For the first point, That the equity of the judicialls doth remain, and therefore ought to be a rule to direct all Laws by:* To let passe the authority of Mr Calvin, Mr Beza, and other writers of our time, who have written with any judge∣ment of this matter,* (who doe in plain words affirm, that there is a perpetuall equity in them, and that our Laws, though they differ in forme, yet ought to retaine the reason or ground of them) I say to let that passe, I assert, That all these Laws, Morall, Ceremoniall, and Judiciall, being the Laws of God, and by his revealed will established, must so farre forth remaine, as it appeareth not by his will that they are revoked.
To boult out therefore this truth, seeing the altering or revoking of any Law must be by our Saviours comming on∣ly, Let us inquire what those Laws are which he put an end unto.
This thing may be considered in that division which S. Paul useth,* where he saith that our Saviour Christ came to make peace, first between God and men, and then between men and men; that is to say between the Jews and Gentiles. 1. The Ceremoniall Law therefore being a Law of enmity (which as a wall held out the Gentiles from joyning themselves un∣to the Jews) was necessary, among other causes, in this re∣spect to be taken away. Secondly, the curse of the Law, for the breach of any of the Lawes of God, either pertaining to the Jews in times past, or unto us now (being that which maketh the wall between the Lord and us) was, for our re∣conciliation with his Majesty, necessarily to be removed: whereupon it followeth, First, That the Morall Law (as that which hindereth not our reconciliation with God, nor our good agreement with men) is in as full strength as ever it was before the comming of our Saviour Christ: For the curse of the Law besides that, it is in regard of the Elect, ra∣ther fulfilled and executed in the person of our Saviour Christ, then abrogated. 2. Besides that also, it hath a necessary use as yet towards the Elect, not only to drive them to the faith Page 3 which is in Christ Jesus, but also to keep under the remnants of rebellion, even of them which have already believed. And 3. Besides that, the force thereof is dayly, and shall be for ever executed upon the wicked. 4. Besides all this, seeing this curse was annexed not only to the breach of the Morall Law, but also of the Ceremoniall and Judiciall, there is no just cause, why the Morall Law should be said to be abro∣gated.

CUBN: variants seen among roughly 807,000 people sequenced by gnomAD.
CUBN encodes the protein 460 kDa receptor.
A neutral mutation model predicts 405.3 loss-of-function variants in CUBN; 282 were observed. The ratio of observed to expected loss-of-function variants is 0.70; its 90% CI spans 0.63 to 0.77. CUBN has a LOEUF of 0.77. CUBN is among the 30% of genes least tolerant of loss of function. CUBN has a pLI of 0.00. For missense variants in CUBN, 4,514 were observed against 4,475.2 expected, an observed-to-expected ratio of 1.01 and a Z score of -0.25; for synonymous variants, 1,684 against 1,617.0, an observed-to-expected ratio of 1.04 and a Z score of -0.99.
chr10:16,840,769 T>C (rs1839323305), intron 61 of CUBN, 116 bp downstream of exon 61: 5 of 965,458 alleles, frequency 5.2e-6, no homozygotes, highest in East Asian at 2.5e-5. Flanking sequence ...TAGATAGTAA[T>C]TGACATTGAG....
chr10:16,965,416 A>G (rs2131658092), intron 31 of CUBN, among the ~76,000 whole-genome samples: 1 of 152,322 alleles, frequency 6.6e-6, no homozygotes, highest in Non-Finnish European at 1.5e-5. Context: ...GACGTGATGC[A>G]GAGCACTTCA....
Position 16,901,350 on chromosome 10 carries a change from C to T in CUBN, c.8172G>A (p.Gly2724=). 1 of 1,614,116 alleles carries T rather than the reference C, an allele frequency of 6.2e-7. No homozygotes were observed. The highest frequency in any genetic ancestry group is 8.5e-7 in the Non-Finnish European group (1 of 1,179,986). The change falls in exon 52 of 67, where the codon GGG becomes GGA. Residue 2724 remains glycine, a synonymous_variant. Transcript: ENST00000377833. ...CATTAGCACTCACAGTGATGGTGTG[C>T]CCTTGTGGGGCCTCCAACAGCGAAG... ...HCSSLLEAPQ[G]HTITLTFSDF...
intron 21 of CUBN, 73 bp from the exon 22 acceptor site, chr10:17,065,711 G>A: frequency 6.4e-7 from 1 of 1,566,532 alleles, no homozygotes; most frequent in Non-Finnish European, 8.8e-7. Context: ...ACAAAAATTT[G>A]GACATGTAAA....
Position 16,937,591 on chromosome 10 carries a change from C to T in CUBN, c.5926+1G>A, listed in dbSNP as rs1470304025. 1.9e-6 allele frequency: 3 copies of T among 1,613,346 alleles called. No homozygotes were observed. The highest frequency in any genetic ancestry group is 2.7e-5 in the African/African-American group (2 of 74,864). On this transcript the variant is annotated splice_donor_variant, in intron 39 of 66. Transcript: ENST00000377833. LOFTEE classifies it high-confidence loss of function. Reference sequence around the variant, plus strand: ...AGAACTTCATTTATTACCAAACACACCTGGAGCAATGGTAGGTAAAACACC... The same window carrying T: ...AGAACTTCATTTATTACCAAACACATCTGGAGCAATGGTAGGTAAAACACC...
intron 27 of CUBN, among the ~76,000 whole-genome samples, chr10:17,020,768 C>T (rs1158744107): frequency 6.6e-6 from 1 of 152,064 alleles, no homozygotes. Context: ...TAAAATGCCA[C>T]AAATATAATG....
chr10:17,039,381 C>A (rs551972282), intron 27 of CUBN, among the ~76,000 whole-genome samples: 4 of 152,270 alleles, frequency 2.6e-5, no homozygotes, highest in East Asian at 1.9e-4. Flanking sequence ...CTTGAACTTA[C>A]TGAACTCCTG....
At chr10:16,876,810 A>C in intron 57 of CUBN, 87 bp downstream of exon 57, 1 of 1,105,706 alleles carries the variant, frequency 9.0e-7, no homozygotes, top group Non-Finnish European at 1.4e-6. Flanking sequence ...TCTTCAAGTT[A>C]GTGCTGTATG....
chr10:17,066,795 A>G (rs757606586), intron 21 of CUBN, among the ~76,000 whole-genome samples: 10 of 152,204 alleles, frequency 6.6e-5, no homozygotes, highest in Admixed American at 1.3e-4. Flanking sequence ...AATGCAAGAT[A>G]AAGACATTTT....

Secondly it followeth hereupon, That those Judiciall Laws of Moses, which are meerly Politck, and without all mixture of Ceremonies, must remain, as those which hinder not the Attonement of Jews and Gentiles with God, or of one of them with another. Besides this, It being mani∣fest, that our Saviour Christ came not to dissolve any good Government of Common-wealth, he can least of all be thought to come to destroy that which himselfe had esta∣blished.
Of this Point Dr. W. hath two contrary sentences, one of Musculus,* which saith that the Judiciall Law is abrogate, the other of Beza, which is, That the Judiciall Law being given to the Jewes, is not yet abrogate, so that if they had any estate of Common-wealth in the Land of Canaan, they should be con∣strained to use that forme of Government, which was given to them by Moses.
Now albeit those Lawes given unto the Jews for that Land, doe not bind the Gentiles in other Lands, forsomuch as the diversity of the dispositions of the people, and state of that Country, gave occasion of some Laws there, which would not have been in other places, yet forasmuch as there is in those Laws a constant and everlasting Equity whereupon they were grounded, 2. And the same perfecter and further from errour then the forge of mans reason (which is even in this behalfe shrewdly wounded,) is able to devise; It follow∣eth, that even in making Politick Laws for the Common∣wealth, Christian Magistrates ought to propound unto them∣selves those Laws, and in light of their Equity by a just pro∣portion of circumstances, of person, place, &c. to frame them.
Now to prove this truth, That the equitie of the Iudiciall Law remaineth, (not as a counsail which men may follow if Page 4*they list, and leave at their pleasure, but) as a Law whereto they be bound,* I shall prove by an Argument taken from that of the Apostle in 1 Cor 9. where after he had alleaged divers similitudes, fetcht from the common use of men, to prove that a Minister of the Gospel ought to be maintained upon the Churches charge;* least it might be objected that these were but humane reasons, he citeth one of the Judiciall Laws, as the eternall Law of God, Deut. 25. 4. Thou shalt not muzzell the mouth &c. Where it is manifest, that he doubt∣eth not to bind the Conscience of the Corinths unto the e∣quity of that Law which was Judiciall, and so urgeth it ver. 10.